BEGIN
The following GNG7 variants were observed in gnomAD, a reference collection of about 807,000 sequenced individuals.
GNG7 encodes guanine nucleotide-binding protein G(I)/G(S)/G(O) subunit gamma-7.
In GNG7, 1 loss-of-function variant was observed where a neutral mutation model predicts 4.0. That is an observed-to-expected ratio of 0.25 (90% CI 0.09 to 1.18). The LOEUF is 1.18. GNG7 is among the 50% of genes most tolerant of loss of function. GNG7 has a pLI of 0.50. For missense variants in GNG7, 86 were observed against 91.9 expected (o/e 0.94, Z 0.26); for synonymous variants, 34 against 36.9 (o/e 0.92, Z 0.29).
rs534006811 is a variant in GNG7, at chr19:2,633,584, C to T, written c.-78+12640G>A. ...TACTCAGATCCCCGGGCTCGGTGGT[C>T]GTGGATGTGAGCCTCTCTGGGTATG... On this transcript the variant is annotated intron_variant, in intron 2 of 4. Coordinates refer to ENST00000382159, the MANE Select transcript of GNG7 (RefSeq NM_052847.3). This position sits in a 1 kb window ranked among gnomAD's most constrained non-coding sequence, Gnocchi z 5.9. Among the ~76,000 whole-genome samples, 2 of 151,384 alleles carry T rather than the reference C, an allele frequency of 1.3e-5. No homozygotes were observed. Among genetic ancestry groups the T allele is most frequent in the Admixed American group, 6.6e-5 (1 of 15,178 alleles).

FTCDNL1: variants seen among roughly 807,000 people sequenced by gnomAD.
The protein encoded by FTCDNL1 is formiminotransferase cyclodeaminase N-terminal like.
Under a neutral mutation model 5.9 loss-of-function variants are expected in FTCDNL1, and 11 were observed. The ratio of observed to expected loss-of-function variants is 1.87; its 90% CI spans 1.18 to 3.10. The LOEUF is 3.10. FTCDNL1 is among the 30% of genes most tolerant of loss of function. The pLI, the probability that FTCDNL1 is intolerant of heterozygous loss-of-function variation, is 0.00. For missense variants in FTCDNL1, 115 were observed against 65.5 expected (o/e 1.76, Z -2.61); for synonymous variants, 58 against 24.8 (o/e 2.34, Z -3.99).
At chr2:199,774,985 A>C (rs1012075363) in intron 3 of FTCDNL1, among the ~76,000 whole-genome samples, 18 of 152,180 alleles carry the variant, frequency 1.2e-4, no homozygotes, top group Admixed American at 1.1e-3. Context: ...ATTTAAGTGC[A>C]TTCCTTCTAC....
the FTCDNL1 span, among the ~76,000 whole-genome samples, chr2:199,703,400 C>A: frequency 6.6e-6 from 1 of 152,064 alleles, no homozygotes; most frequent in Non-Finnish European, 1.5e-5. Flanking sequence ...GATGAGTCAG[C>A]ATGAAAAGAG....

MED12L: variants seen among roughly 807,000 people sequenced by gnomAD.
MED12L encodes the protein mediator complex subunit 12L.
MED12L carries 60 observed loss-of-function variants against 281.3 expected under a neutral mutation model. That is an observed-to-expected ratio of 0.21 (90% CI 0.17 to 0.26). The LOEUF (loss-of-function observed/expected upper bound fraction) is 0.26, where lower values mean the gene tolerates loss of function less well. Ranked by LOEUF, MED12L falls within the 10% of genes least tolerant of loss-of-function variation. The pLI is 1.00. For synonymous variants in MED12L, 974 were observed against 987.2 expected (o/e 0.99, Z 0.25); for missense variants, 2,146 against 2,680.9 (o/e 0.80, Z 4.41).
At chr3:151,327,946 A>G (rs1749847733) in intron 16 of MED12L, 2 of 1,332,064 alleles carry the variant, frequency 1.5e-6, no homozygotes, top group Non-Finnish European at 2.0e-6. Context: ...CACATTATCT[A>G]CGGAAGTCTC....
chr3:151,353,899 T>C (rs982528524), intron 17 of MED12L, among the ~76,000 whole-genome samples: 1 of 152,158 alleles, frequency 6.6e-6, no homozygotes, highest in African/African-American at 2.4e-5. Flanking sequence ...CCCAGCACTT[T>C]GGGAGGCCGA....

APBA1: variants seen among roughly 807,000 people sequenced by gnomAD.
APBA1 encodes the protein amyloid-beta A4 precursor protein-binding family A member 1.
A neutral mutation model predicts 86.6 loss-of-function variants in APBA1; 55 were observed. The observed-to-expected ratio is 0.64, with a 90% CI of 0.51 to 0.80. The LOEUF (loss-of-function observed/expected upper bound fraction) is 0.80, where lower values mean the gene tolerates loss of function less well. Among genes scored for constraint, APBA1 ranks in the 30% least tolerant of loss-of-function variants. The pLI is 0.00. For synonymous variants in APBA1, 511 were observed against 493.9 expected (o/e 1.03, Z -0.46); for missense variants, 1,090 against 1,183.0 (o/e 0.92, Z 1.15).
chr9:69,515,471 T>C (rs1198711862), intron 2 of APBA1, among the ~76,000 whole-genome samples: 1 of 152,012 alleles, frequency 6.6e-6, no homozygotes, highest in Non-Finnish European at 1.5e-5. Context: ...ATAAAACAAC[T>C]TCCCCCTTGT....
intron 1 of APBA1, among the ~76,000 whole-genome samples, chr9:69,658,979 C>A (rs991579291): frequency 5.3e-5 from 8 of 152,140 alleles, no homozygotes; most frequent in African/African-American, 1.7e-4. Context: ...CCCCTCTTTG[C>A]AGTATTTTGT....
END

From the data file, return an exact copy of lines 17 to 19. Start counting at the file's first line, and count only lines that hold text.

A neutral mutation model predicts 86.6 loss-of-function variants in APBA1; 55 were observed. The observed-to-expected ratio is 0.64, with a 90% CI of 0.51 to 0.80. The LOEUF (loss-of-function observed/expected upper bound fraction) is 0.80, where lower values mean the gene tolerates loss of function less well. Among genes scored for constraint, APBA1 ranks in the 30% least tolerant of loss-of-function variants. The pLI is 0.00. For synonymous variants in APBA1, 511 were observed against 493.9 expected (o/e 1.03, Z -0.46); for missense variants, 1,090 against 1,183.0 (o/e 0.92, Z 1.15).
chr9:69,515,471 T>C (rs1198711862), intron 2 of APBA1, among the ~76,000 whole-genome samples: 1 of 152,012 alleles, frequency 6.6e-6, no homozygotes, highest in Non-Finnish European at 1.5e-5. Context: ...ATAAAACAAC[T>C]TCCCCCTTGT....
intron 1 of APBA1, among the ~76,000 whole-genome samples, chr9:69,658,979 C>A (rs991579291): frequency 5.3e-5 from 8 of 152,140 alleles, no homozygotes; most frequent in African/African-American, 1.7e-4. Context: ...CCCCTCTTTG[C>A]AGTATTTTGT....